For the second play in its season themed “In Defense of Guilt,” Dreamwell Theatre brings the premiere of an original, unpublished play by local playwright Mike Moran. Directed by Matt Falduto, the play focuses on a 14-year-old boy who tries to find identity and human connection through the Internet — and the reaction of his parents as he explores his sexual fantasies. As the first Internet-dependent generation comes of age, Dreamwell is the first theatre group this season to explore the uneasy relationship between teens and technology (Look for Working Group Theatre’s original play on cyber-bullying later this season).
The play runs Oct. 11-19 at the Unitarian Universalist Society in Iowa City. For more information, visit dreamwell.com.
Jesus Christ Superstar
Theatre Cedar Rapids
The life and character of Jesus has always been rich material for artists. In the 1970s this took the form of rock musicals. After a summer of acting in the Urban Theater Project production of August: Osage County, Leslie Charipar returns to the director’s chair to bring audiences Jesus Christ Superstar. With music by Andrew Lloyd Webber and lyrics by Tim Rice, the musical uses song to explore the psychology of Jesus and his followers during his last days. Some showstoppers include Judas singing the title song and Mary Magdalene lamenting, “I Don’t Know How to Love Him.” After seeing the live musical, track down a video of AD/BC: A Rock Opera, a television parody of Superstar, in which Matt Berry (The IT Crowd) tells the story of the Nativity from the innkeeper’s point of view.
The musical runs Oct. 11-Nov. 2 at Theatre Cedar Rapids. For more information, visit theatrecr.org.
Romeo and Juliet
Iowa City Community Theatre
For the first time since 1997, ICCT will be bringing the Bard’s words to life (unless you count productions of Rosencrantz and Gildenstern are Dead and I Hate Hamlet). Gavin Conkling directs the original classic about two star-crossed lovers torn between warring families. It’s been adapted into everything from musicals (West Side Story), zombie movies (Warm Bodies) and even a Twitter-based production by the Royal Shakespeare Company (Such Tweet Sorrow). See the play that started it all and reflect on why it has captured the imagination of centuries of artists, angsty teens and everyone who wondered, “Why can’t we all just get along?”
The play runs Oct. 18-20 and 25-27 at the Johnson County 4-H Fairgrounds, Exhibition Hall A. For more information, visit iowacitycommunitytheatre.com.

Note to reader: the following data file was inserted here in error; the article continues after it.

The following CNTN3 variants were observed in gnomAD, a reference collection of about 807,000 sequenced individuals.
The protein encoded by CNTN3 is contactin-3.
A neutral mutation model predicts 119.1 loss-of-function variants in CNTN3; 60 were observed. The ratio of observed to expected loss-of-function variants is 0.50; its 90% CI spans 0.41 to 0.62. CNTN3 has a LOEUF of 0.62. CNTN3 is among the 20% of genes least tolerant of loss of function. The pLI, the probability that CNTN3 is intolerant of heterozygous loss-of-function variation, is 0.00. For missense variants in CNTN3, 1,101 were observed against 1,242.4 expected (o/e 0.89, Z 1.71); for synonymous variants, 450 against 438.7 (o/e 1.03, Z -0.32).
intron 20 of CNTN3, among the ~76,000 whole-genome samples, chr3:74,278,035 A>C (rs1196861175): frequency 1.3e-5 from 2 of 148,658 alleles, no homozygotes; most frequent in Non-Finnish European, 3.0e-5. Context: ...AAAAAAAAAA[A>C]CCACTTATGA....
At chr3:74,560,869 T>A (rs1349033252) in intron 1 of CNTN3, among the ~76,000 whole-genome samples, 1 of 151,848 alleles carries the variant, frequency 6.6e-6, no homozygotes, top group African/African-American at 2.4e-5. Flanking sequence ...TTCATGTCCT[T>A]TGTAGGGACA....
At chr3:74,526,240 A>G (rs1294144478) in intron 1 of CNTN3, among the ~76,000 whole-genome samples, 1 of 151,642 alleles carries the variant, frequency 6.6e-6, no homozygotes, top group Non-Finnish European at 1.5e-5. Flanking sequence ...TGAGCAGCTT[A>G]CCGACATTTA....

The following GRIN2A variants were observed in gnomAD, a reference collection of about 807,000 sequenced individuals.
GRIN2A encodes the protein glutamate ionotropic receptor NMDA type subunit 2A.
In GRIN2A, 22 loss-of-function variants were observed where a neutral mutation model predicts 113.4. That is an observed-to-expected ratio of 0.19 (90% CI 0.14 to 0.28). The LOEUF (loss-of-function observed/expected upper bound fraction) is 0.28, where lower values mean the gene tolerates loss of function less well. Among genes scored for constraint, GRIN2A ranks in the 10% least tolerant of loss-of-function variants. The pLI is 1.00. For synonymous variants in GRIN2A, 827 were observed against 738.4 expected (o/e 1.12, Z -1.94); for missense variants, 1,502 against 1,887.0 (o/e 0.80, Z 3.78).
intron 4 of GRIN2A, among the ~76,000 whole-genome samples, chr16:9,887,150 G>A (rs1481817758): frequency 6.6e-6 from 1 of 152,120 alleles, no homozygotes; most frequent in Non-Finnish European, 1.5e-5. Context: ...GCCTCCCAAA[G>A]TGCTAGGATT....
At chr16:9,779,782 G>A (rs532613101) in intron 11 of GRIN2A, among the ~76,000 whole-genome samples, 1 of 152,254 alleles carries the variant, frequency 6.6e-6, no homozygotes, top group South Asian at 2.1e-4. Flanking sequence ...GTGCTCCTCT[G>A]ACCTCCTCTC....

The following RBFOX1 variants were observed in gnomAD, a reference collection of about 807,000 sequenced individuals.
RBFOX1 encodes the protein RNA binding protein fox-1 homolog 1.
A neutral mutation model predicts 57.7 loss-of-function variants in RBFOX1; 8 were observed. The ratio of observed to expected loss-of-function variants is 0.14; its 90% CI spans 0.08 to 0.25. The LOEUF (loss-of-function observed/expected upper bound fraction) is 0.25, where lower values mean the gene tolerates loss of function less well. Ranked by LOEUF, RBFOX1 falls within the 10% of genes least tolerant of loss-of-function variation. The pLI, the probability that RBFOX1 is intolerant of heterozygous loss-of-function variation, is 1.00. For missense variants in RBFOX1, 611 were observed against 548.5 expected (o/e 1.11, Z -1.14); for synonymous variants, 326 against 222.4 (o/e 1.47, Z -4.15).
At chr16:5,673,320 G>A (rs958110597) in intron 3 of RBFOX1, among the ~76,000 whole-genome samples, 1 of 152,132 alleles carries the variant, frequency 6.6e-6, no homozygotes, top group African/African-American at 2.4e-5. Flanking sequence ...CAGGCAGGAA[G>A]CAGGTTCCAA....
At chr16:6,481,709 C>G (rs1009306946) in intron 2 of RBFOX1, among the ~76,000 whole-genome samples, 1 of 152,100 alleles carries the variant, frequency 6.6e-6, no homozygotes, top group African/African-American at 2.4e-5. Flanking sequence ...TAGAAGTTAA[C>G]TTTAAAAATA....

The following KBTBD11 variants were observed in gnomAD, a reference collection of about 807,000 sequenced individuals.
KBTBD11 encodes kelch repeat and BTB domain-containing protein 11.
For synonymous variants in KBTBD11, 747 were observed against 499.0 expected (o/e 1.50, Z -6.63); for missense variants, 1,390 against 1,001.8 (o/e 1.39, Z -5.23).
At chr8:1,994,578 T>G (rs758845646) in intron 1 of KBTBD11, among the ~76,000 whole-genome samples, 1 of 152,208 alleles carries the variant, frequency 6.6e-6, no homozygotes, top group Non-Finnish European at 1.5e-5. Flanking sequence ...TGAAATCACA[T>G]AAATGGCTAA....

In a world where all parenting choices take on political significance, the battle begins with mothers having to justify their choice of either a hospital or home birth, OB/GYN or midwife. The root of this dichotomy is the subject of local playwright Jennifer Fawcett’s original comedy, Birth Witches, which explores a time when male doctors began to push female midwives out of the delivery room in 17th century London. With witch-hunts dominating the public psyche, science and superstition collide with gender roles, religion and politics in a conflict that lingers today. This world premiere is a co-production with Cornell College.
The play runs from Oct. 18-Nov. 3 at Riverside Theatre. There will be a Thursday Theatre Talk with Miriam Gilbert on Oct. 3 and talkbacks after the Oct. 20 and 25 shows. For more information, visit riversidetheatre.org.
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The Legend of Sleepy Hollow
The Old Creamery Theatre Company
If you are in the mood for spooky Halloween fun, but need something more kid-friendly than the new fantasy-adventure-drama TV show on FOX, the Old Creamery Theatre Company in Amana has something for you. The Legend of Sleepy Hollow is based on Washington Irving’s 1820 short story of the same name. Irving combined the headless horsemen of German folk tales and old Dutch culture in New York to create one of the earliest works of distinctly American Literature. This play is rated G, making it a great choice for the whole family.
The play runs Oct. 19-Nov. 2 at the Old Creamery Theatre Company. For more information, visit oldcreamery.com.
Monty Python’s Spamalot
City Circle Acting Company
Camelot—it’s no longer only a model. Krista Neumann directs this musical adaptation of the comedy classic, Monty Python and the Holy Grail. An irreverent retelling of the King Arthur legends, the original 2005 Broadway production won three Tony awards, including Best Musical, and ran for over 1,500 performances. If you couldn’t manage to see it in New York, now is your chance to watch your favorite scenes set to song and dance, including “I Am Not Dead Yet” and “Run Away!” The musical also includes a rendition of “Always Look on the Bright Side of Life,” a song originally written by Eric Idle for the film Monty Python’s Life of Brian (Since that film’s 1979 release, it has become the third most popular song to play at funerals in Great Britain).
The musical runs Oct. 25-27 and Nov. 1-3 at the Coralville Center for Performing Arts. For more information, visit citycircle.org.
Jorie Slodki earned her MA in theatre research from University of Wisconsin, Madison, and has past experience in acting, directing and playwriting.